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Aug 10 2017
by Bre'Anna Grant

How One Cornell Alumna Showed Failure Doesn't Have to Define You

By Bre'Anna Grant - Aug 10 2017
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Failing is a part of life: the road to success is not a straight path. There are twists, turns and sudden drops, and that's just the way it is. Albert Einstein didn't speak until age four or read until age seven. Vincent van Gogh originally only sold ONE painting out of the 900 he made. As a sophomore, Michael Jordan was rejected from his high school's varsity basketball team. These were examples teachers and advisors used when they explained to me how successful people failed but to look where they are now.

Jessica Willett, an alumna of Cornell University, took a trip down memory lane to show people that despite failing a chemistry class, she still became a doctor.


"I'm actually on a road trip right now from the West Coast (I live in California) back to upstate New York where I went to undergrad because I finally am working my dream job and I've had to overcome a lot of failures to get there," Willett told Fresh U via Twitter direct messages.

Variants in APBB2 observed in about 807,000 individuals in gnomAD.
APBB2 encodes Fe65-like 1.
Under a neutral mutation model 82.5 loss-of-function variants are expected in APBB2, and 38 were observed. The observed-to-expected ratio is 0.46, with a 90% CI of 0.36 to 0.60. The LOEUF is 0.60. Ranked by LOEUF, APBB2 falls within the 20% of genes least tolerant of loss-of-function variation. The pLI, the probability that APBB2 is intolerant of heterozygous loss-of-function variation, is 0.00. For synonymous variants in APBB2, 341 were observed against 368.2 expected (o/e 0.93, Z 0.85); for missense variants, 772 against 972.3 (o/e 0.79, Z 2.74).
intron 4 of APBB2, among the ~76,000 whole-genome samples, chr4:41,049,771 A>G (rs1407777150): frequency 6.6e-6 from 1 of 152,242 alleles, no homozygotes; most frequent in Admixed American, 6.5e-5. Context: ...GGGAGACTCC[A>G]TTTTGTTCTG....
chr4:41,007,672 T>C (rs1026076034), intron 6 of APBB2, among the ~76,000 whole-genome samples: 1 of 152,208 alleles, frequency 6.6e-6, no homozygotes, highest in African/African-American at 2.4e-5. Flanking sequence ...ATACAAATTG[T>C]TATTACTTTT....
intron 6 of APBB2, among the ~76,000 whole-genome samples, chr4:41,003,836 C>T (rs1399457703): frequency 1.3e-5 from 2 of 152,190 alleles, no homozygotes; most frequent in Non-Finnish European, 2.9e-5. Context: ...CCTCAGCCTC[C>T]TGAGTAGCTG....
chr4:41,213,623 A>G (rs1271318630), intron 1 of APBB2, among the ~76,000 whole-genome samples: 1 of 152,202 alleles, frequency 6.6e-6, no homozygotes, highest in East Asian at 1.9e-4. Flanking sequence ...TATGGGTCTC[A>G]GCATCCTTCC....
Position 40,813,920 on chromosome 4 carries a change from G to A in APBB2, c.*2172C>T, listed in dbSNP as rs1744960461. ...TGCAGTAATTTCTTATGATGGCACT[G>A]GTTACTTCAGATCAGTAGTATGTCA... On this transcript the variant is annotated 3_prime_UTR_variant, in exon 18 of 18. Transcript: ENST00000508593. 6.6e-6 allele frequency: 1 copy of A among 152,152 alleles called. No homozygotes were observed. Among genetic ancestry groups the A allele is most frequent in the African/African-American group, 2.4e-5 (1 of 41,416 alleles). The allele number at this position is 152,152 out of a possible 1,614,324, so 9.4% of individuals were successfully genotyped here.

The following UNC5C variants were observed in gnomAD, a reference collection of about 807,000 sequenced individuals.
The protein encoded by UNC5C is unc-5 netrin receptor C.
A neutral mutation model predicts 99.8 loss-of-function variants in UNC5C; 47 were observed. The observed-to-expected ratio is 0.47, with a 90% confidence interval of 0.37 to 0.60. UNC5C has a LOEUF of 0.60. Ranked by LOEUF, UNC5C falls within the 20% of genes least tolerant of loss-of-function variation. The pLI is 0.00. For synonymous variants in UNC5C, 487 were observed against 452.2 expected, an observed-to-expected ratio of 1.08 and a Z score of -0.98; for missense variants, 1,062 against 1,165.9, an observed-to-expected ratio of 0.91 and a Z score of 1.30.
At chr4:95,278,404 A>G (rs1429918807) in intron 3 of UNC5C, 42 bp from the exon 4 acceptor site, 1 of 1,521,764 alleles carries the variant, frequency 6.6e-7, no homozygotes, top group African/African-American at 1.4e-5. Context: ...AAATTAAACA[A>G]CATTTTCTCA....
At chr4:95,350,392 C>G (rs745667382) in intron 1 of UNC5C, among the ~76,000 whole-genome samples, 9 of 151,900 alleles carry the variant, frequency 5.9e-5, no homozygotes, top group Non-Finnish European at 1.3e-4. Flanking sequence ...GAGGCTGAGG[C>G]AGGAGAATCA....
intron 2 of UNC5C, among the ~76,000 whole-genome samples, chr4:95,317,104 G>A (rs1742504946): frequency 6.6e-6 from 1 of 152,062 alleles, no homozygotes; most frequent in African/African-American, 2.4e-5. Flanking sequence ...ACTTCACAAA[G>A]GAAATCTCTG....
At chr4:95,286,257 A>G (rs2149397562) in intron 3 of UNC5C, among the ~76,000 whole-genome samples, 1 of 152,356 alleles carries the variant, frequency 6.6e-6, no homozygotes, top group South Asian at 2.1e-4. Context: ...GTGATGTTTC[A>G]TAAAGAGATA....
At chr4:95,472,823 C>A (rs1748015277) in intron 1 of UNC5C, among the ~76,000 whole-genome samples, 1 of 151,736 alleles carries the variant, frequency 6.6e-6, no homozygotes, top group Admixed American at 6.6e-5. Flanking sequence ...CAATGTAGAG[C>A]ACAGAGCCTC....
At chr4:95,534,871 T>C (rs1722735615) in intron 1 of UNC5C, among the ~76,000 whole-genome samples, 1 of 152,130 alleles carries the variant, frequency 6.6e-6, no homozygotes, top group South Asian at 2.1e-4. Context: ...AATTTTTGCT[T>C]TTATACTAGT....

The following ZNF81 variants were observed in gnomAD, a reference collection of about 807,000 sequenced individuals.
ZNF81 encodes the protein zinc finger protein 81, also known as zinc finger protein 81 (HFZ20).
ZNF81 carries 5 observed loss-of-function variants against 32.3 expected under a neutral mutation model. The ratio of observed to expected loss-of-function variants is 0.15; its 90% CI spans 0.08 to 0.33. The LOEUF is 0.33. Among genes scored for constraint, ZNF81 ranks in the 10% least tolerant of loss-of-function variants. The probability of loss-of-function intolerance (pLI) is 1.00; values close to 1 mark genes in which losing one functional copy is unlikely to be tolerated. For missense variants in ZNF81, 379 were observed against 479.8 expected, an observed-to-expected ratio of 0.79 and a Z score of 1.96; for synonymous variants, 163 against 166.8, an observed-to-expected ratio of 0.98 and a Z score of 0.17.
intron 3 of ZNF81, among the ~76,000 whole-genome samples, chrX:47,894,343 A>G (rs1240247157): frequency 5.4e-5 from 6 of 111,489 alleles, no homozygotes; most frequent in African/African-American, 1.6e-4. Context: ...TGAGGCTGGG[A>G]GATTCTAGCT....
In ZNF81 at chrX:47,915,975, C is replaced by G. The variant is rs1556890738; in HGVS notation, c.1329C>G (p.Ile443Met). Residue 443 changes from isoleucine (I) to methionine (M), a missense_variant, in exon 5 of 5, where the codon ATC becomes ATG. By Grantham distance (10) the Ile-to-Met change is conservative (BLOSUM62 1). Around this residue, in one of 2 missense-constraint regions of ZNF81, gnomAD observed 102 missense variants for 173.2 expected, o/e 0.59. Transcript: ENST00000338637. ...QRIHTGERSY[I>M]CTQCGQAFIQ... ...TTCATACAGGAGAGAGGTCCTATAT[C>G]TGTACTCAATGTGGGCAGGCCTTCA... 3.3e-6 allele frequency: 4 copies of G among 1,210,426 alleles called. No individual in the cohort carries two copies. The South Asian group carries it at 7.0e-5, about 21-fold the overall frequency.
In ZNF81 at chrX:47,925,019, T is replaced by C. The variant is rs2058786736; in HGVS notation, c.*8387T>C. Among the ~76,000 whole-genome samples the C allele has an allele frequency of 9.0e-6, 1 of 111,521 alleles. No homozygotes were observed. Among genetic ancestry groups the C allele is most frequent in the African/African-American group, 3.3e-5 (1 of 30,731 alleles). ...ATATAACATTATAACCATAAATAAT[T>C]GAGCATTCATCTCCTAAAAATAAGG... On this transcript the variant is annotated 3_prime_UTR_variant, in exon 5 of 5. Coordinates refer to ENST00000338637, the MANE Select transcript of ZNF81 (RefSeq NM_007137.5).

"This trip is a bit of a testament to all of that and to really remind myself how far I've come to get to where I am," Willett said. "I walked past that sign and it reminded me of how I felt when I felt like I would never make it and I would never have a chance to make my dreams come true – I wanted other people to see that it can happen."

Her inspirational tweet has received a lot of attention with over 6,100 retweets and 25,600 favorites, and Twitter users are loving it:


"Medicine wasn't my first major to start with. I had a career prior to that and a life and a job so when I chose medicine, I chose it with all my heart," Willett said. "Once I took that jump, I never looked back. I knew that giving up wasn't an option for me."

For those of you who struggle with failure, Willett leaves this message: "Each failure is an opportunity to learn and grow. It may not feel like it at the time, but it doesn't mean it's the end if you fail. There's always more than one way to reach a destination and sometimes if one way is blocked, it just means you have to find another way around."

Lead Image Credit: @jkwillettmd via Twitter

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Bre'Anna Grant - St. John's University

Bre'Anna is currently a sophomore at St. John's University. She is studying Journalism with an Italian minor with the intentions of becoming a reporter for CNN. In her free time, she loves to volunteer, read, write poetry and watch Bob's Burgers while drinking her favorite drink: lemonade. (Follow her on IG at @_bbaagg or on Twitter at @bbaagg_)

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